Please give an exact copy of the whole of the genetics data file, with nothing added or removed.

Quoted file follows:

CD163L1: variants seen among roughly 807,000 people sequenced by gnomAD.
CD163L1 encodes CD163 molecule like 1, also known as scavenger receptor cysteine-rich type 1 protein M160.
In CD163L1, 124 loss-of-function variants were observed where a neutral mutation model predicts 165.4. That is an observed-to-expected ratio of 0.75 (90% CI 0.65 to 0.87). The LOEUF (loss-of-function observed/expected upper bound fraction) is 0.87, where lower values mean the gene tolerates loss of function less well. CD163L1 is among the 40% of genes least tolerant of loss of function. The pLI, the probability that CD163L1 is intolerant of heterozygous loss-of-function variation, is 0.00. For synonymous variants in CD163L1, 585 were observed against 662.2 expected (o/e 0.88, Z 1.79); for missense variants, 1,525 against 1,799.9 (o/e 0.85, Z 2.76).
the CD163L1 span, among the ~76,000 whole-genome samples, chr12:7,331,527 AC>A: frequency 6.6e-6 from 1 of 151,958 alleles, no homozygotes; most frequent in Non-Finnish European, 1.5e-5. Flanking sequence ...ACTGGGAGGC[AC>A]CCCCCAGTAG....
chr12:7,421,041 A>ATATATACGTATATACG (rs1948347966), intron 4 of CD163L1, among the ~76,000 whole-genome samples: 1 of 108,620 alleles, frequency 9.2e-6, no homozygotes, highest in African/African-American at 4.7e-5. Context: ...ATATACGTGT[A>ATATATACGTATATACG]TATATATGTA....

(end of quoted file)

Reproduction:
CD163L1: variants seen among roughly 807,000 people sequenced by gnomAD.
CD163L1 encodes CD163 molecule like 1, also known as scavenger receptor cysteine-rich type 1 protein M160.
In CD163L1, 124 loss-of-function variants were observed where a neutral mutation model predicts 165.4. That is an observed-to-expected ratio of 0.75 (90% CI 0.65 to 0.87). The LOEUF (loss-of-function observed/expected upper bound fraction) is 0.87, where lower values mean the gene tolerates loss of function less well. CD163L1 is among the 40% of genes least tolerant of loss of function. The pLI, the probability that CD163L1 is intolerant of heterozygous loss-of-function variation, is 0.00. For synonymous variants in CD163L1, 585 were observed against 662.2 expected (o/e 0.88, Z 1.79); for missense variants, 1,525 against 1,799.9 (o/e 0.85, Z 2.76).
the CD163L1 span, among the ~76,000 whole-genome samples, chr12:7,331,527 AC>A: frequency 6.6e-6 from 1 of 151,958 alleles, no homozygotes; most frequent in Non-Finnish European, 1.5e-5. Flanking sequence ...ACTGGGAGGC[AC>A]CCCCCAGTAG....
chr12:7,421,041 A>ATATATACGTATATACG (rs1948347966), intron 4 of CD163L1, among the ~76,000 whole-genome samples: 1 of 108,620 alleles, frequency 9.2e-6, no homozygotes, highest in African/African-American at 4.7e-5. Context: ...ATATACGTGT[A>ATATATACGTATATACG]TATATATGTA....